This morning’s headlines once again bring news of Conservative woes over boundary reform.

The Times (£) reports that there will apparently be a “Tory revolt” (a phrase with which we will doubtless become wearyingly familiar in the years ahead) over the party’s manifesto commitment to reform the boundaries of the House of Commons at cut 50 seats whilst we’re at it.

The reason for this is straightforward enough. Whilst an equalisation of constituency sizes is expected to be to the overall advantage to the Tories (with large rural seats) over Labour (with small urban ones), abolishing that many seats before the next election leaves sitting MPs facing a game of musical chairs which, inevitably, fifty of them would lose.

This not only aggravates a troublesome chunk of Tory MPs but also the Government’s only possible allies: neither of the two Northern Irish unionist parties wants a boundary review, for fear that it would (as the last seemed to) benefit the Nationalist parties.

There are also some MPs, like Philip Davies in Shipley, who suggest that without a commensurate cut in the payroll vote a reduction in the number of MPs amounts to a dramatic expansion of executive power in the Commons.

Meanwhile the Liberal Democrats risk losing half their remaining seats and being wiped out in London and the East of England, according to further analysis for the Times by Lewis Baston.

This being the case, it looks very difficult to see how the Government can expect this to pass, especially as the ratification of the boundary review will take place in 2018, after the EU referendum and long after David Cameron’s new honeymoon has ended.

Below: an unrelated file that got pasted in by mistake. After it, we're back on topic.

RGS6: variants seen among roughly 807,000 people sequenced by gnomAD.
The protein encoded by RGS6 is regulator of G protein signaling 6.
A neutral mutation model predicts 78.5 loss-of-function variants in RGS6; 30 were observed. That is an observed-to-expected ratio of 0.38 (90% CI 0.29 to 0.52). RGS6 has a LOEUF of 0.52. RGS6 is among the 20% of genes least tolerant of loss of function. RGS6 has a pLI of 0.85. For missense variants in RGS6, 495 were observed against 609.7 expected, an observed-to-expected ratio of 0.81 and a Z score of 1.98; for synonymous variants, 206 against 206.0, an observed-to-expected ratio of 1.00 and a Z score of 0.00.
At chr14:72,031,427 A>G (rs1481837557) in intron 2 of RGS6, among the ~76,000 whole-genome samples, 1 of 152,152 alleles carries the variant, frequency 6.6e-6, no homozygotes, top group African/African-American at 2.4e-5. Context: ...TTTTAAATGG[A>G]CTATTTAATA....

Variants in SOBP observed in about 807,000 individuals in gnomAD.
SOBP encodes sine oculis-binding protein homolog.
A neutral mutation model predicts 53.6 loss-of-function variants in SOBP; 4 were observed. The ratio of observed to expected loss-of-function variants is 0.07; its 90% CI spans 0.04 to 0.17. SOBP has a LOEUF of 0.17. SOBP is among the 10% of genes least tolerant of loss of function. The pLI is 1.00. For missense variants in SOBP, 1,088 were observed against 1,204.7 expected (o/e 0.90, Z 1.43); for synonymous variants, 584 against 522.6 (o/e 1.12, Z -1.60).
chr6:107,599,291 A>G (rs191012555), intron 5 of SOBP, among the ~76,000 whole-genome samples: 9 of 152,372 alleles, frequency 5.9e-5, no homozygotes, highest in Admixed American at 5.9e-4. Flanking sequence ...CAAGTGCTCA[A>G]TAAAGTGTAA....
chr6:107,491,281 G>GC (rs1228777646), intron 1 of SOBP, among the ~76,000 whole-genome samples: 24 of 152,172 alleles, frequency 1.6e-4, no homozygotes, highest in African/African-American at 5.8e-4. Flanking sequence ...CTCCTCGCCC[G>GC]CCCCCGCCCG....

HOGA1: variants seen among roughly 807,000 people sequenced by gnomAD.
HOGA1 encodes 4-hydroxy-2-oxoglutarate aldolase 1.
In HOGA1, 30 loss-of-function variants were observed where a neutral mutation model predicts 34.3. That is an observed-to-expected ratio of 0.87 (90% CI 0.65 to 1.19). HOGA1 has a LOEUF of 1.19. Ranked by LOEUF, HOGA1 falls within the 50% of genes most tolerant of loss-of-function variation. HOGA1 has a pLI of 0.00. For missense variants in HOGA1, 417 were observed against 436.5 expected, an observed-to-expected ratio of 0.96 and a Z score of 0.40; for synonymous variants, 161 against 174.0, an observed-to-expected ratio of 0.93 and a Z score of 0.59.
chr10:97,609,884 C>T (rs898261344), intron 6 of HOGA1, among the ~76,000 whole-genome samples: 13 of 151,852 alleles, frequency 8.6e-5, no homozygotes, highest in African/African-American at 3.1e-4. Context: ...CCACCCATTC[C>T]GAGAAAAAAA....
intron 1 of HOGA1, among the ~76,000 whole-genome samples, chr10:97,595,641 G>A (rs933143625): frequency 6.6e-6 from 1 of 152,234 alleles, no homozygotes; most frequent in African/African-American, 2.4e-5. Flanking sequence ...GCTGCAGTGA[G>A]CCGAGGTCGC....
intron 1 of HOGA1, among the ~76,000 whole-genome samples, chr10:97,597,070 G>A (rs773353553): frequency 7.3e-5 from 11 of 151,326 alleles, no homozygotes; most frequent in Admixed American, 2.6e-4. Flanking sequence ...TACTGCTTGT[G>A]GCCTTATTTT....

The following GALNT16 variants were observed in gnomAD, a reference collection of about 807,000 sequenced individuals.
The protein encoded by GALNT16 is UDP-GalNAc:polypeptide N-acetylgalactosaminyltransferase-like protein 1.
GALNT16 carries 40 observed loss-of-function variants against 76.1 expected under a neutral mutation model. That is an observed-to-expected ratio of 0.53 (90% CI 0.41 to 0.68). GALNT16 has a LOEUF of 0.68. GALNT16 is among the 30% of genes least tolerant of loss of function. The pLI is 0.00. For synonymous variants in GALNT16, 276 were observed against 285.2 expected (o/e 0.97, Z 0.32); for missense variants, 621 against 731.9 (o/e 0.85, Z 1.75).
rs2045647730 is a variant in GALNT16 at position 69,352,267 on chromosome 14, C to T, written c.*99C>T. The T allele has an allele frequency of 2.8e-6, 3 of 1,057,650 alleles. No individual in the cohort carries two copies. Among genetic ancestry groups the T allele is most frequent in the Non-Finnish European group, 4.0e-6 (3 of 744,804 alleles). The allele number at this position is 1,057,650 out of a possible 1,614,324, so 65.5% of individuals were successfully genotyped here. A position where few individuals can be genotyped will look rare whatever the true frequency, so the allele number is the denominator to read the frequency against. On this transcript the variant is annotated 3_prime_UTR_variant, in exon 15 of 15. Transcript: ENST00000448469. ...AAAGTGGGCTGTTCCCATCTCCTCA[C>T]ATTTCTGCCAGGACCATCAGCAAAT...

Whilst it’s true that reducing the size of the House was a manifesto commitment, it was also a commitment that is unlikely to exercise a single voter outside those of us who follow politics closely. Boundary reform is not about to become the new tuition fees.

If, as we have suggested, the seat cut was simply meant to be fodder for the universally-expected coalition negotiations that never were, it makes even less sense to go to the trenches for it now.

At least some in Government appear to have similar thoughts: only last week the Financial Times reported that a rethink was underway inside Number 10.

Delaying further will only lead to more mixed messages and poor headlines in the short term, whilst consuming vital time and political capital that would be better spent on the party’s larger priorities: the economy, Europe, and justice to name three.

It will also lay a minefield in the path of his successor when the issue finally comes to vote in the latter half of this Parliament.

Cameron should bite the bullet now, and secure a new boundary review based on the same number of seats whilst making sure his party will actually vote it through when the time comes.

Leadership is the art of picking your battles, especially when trying to implement an ambitious programme with a small majority. This is the wrong one.